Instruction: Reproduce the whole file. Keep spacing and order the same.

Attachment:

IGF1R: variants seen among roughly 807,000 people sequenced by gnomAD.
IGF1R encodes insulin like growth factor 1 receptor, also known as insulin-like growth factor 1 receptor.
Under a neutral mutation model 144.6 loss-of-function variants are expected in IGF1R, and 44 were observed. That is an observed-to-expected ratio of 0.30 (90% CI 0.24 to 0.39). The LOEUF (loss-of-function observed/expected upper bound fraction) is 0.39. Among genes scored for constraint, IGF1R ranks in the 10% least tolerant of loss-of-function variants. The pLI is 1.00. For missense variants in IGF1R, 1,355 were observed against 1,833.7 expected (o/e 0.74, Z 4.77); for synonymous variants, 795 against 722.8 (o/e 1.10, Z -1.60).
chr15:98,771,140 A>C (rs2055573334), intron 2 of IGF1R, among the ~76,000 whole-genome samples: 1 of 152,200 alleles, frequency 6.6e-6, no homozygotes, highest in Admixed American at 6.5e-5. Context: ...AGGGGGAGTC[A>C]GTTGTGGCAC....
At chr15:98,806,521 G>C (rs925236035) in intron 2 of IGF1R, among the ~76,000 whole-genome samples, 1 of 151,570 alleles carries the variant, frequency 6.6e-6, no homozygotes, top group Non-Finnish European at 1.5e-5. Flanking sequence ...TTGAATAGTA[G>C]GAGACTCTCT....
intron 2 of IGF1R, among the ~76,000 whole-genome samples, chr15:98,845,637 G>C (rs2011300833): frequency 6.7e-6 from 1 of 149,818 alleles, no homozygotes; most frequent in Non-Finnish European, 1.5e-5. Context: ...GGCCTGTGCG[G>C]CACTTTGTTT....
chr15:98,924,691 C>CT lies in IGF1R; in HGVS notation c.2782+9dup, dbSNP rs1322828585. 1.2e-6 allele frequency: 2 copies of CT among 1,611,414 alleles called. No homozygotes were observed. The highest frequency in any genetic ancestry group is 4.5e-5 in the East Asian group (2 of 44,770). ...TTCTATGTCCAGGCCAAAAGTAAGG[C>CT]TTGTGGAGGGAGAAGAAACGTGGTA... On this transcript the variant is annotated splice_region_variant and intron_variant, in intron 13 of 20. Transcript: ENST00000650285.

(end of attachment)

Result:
IGF1R: variants seen among roughly 807,000 people sequenced by gnomAD.
IGF1R encodes insulin like growth factor 1 receptor, also known as insulin-like growth factor 1 receptor.
Under a neutral mutation model 144.6 loss-of-function variants are expected in IGF1R, and 44 were observed. That is an observed-to-expected ratio of 0.30 (90% CI 0.24 to 0.39). The LOEUF (loss-of-function observed/expected upper bound fraction) is 0.39. Among genes scored for constraint, IGF1R ranks in the 10% least tolerant of loss-of-function variants. The pLI is 1.00. For missense variants in IGF1R, 1,355 were observed against 1,833.7 expected (o/e 0.74, Z 4.77); for synonymous variants, 795 against 722.8 (o/e 1.10, Z -1.60).
chr15:98,771,140 A>C (rs2055573334), intron 2 of IGF1R, among the ~76,000 whole-genome samples: 1 of 152,200 alleles, frequency 6.6e-6, no homozygotes, highest in Admixed American at 6.5e-5. Context: ...AGGGGGAGTC[A>C]GTTGTGGCAC....
At chr15:98,806,521 G>C (rs925236035) in intron 2 of IGF1R, among the ~76,000 whole-genome samples, 1 of 151,570 alleles carries the variant, frequency 6.6e-6, no homozygotes, top group Non-Finnish European at 1.5e-5. Flanking sequence ...TTGAATAGTA[G>C]GAGACTCTCT....
intron 2 of IGF1R, among the ~76,000 whole-genome samples, chr15:98,845,637 G>C (rs2011300833): frequency 6.7e-6 from 1 of 149,818 alleles, no homozygotes; most frequent in Non-Finnish European, 1.5e-5. Context: ...GGCCTGTGCG[G>C]CACTTTGTTT....
chr15:98,924,691 C>CT lies in IGF1R; in HGVS notation c.2782+9dup, dbSNP rs1322828585. 1.2e-6 allele frequency: 2 copies of CT among 1,611,414 alleles called. No homozygotes were observed. The highest frequency in any genetic ancestry group is 4.5e-5 in the East Asian group (2 of 44,770). ...TTCTATGTCCAGGCCAAAAGTAAGG[C>CT]TTGTGGAGGGAGAAGAAACGTGGTA... On this transcript the variant is annotated splice_region_variant and intron_variant, in intron 13 of 20. Transcript: ENST00000650285.